It had been two weeks since Dylan had left her and the farm. Of course, she didn't realize at the time that's what he was doing--leaving. He told her he was going into town to pick up some lumber. He was finally going to fix the hole barn's roof. She watched him attach his wallet chain to his belt loop and shove the old brown wallet into his back pocket. She had given him that wallet for their third wedding anniversary. Leather was the traditional gift for three years, and back then, they were both still trying to conform to the standards of marriage, though he never was good at keeping track of what he'd gotten her, so sometimes he'd repeat gifts.
"That wallet's near to bursting," she said. "I don't know how you can sit on that thing to drive. What do you keep in there anyway?"
"Noneya, woman!" Dylan winked a crinkly blue eye and smiled warmly at her. "I don't ask you what you carry around in that giant purse of yours, I'd appreciate the same courtesy about my wallet."
It was a familiar routine with them. He liked to think he was being clever, being coy, but she knew the truth well enough after all these years. He was a paper hoarder. He collected scraps of paper the way her grandmother's sister had collected stray cats. He kept grocery receipts from four years ago, bills, and credit card statements for credit cards they didn't even have anymore. If someone gave him a business card, he'd keep it in a stack with all the other cards. Eventually, he'd forget who gave him the card in the first place. One of his favorite things to keep was old lists. But not his lists. He kept lists that other people lost. Mostly grocery lists, abandoned in the bottom of the shopping cart. Eggs, cheese, shoe strings, apples, sponges, shampoo. Sofia used to ask him why he kept those random lists, but she'd long since given up trying to talk sense into him. Now, she was just glad that he was able to contain a huge portion of his paper collection to just his wallet. When the wallet got too full he'd pull out some of slips of paper and stash them in one of his unlocked lock-boxes. He always kept them unlocked because he knew just as well as she did that there really wasn't anything worth keeping in there. Certainly not worth keeping secret anyway. Turned out, the man kept all his secrets in his heart and head, where she could never get to them.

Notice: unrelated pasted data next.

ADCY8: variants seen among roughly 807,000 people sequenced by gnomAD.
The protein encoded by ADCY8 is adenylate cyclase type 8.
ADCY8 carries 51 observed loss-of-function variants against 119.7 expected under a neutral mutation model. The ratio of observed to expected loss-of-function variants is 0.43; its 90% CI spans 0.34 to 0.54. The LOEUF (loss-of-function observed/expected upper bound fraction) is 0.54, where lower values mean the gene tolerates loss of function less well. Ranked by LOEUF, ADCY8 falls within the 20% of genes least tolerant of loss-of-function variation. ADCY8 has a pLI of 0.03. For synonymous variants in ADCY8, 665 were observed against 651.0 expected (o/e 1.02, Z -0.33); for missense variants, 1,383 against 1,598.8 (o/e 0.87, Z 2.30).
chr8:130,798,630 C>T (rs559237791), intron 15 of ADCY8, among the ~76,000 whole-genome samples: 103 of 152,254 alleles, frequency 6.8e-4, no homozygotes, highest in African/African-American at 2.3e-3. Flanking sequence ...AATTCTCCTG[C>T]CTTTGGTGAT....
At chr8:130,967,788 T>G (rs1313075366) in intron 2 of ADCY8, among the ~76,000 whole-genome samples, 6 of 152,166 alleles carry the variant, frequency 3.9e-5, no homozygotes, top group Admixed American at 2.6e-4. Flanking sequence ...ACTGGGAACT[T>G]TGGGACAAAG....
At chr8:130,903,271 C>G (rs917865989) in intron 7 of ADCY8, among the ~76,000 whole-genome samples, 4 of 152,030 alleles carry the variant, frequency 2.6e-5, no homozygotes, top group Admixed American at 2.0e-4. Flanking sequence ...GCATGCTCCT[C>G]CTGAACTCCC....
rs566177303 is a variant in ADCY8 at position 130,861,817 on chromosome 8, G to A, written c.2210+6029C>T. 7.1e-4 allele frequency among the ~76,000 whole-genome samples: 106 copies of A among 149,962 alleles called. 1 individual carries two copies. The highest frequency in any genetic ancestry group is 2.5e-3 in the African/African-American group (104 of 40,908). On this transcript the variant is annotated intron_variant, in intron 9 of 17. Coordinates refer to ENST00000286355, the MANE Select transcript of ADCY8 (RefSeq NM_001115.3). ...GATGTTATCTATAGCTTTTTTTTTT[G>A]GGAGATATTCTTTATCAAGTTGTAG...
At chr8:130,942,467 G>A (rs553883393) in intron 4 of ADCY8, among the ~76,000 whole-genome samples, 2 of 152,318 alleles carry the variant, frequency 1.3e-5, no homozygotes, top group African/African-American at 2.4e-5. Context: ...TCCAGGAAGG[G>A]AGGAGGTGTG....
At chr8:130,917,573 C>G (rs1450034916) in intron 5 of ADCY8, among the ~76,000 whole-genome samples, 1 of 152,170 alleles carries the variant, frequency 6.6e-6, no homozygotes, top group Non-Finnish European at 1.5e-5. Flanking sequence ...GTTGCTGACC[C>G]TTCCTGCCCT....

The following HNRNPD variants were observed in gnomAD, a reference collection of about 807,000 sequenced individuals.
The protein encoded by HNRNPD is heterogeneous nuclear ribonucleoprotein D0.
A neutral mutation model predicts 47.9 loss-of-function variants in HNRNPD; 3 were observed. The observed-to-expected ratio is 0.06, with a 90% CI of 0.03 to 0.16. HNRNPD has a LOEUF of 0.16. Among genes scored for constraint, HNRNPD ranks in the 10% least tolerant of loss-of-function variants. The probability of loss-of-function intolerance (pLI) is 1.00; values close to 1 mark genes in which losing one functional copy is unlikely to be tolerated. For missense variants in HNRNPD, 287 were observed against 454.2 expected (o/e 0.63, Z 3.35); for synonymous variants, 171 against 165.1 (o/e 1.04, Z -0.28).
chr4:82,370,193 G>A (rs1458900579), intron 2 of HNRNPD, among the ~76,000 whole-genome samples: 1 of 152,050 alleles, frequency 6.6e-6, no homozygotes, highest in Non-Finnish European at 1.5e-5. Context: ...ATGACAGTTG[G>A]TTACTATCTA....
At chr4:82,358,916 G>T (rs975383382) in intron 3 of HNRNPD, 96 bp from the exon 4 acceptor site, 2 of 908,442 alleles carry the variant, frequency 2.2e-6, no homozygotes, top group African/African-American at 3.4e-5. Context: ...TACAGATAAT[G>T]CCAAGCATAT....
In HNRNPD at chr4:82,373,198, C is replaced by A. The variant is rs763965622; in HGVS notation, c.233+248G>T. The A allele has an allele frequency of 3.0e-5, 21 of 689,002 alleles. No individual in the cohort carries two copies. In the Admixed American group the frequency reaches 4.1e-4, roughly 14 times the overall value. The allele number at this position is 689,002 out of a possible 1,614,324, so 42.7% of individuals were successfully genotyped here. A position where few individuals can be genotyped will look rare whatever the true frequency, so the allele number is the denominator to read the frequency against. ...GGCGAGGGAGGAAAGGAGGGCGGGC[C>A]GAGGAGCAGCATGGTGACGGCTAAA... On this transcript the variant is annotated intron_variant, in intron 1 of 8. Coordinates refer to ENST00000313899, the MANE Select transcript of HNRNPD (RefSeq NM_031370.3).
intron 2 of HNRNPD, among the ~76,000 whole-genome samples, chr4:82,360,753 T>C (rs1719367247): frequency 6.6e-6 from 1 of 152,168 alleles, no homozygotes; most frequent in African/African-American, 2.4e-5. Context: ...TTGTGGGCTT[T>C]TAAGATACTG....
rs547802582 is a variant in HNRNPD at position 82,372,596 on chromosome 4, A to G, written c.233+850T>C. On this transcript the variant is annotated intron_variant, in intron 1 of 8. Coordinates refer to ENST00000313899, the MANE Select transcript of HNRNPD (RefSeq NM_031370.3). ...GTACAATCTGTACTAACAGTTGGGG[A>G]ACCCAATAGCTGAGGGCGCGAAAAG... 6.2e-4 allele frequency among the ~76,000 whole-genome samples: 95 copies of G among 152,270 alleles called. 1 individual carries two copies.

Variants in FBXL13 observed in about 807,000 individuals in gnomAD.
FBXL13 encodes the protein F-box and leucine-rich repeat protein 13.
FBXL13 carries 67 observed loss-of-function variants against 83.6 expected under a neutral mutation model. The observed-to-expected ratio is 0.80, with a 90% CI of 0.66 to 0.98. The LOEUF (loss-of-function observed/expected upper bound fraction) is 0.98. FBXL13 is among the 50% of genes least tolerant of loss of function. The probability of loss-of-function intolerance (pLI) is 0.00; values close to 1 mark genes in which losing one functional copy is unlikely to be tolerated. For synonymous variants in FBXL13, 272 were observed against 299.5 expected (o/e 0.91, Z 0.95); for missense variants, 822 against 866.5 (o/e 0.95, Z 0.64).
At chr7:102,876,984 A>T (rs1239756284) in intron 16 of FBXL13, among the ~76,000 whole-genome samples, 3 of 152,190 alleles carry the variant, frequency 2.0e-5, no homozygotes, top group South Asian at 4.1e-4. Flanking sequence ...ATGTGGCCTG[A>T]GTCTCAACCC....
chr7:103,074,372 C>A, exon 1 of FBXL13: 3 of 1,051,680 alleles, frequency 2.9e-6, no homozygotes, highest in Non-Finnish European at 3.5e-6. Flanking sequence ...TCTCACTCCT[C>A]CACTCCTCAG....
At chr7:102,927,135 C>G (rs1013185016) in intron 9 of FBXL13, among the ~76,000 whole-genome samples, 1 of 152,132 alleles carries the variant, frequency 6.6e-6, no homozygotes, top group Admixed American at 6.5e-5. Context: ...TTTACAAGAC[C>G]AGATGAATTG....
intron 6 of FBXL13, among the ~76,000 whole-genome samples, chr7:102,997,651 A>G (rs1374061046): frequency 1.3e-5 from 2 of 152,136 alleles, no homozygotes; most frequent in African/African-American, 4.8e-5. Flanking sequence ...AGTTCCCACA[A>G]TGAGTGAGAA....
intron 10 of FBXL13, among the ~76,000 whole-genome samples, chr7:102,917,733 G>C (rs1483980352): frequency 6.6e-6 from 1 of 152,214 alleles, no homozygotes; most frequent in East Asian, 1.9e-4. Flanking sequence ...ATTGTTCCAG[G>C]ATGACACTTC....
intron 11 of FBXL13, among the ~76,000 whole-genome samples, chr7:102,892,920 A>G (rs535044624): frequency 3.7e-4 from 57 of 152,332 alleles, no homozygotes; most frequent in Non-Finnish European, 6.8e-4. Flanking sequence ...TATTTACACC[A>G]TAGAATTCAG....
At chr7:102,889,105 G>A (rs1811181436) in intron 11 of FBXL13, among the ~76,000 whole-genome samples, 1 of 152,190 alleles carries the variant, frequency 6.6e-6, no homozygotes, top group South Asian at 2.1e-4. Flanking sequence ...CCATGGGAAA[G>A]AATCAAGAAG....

Sofia wiped her face and continued on her way to the coop. How long had she stood there, face upturned to the weeping sky? Fifteen seconds? A minute? Three minutes? It was as if the drops falling on her face had hypnotized her for a spell. No matter. The eggs had to be collected, rain or no, and standing around like a damn fool, replaying the last time she'd seen her husband wasn't going to change the fact that he was gone.
The chickens squawked and beat their wings as she approached.
"Hey there, lovely ladies," She greeted in return. "What do you have for me today?" She closed the gate behind her and gently pushed Jenny Blue out of the way with her foot. Jenny Blue was the only of the the chickens who seemed to like her. Anytime Sofia came into the coop, J.B. was at her heels. More like a puppy than a chicken.
"It's about time I start selling your eggs, chickies. I just don't eat enough of them to justify keeping them. And it'd be nice to have a few extra bucks now that..." Sofia lost the thread of her conversations. She was talking to chickens, as if they could actually understand her. As if they gave a damn whether she ate their eggs or sold them.
Dylan had a saying when he thought things were pointless or silly: It's like hypnotizing chickens, he'd say.
The chickens watched her gather their unformed young and put them into her basket.
"I know what you girls are thinking. My putting one foot in front of the other, gathering up your eggs, trying to keep the farm from collapsing down around me...it's like hypnotizing chickens, isn't it?" She took a deep breath and blew it out. "I suppose you're right, but what's the alternative? Give up and run away, like him? Someone's gotta tend to you, you know. So how 'bout a bit of gratitude, ladies."
The chickens blinked. They weren't hypnotized and they didn't care whether she was tending to them or not. But no matter. They eggs needed collecting, regardless.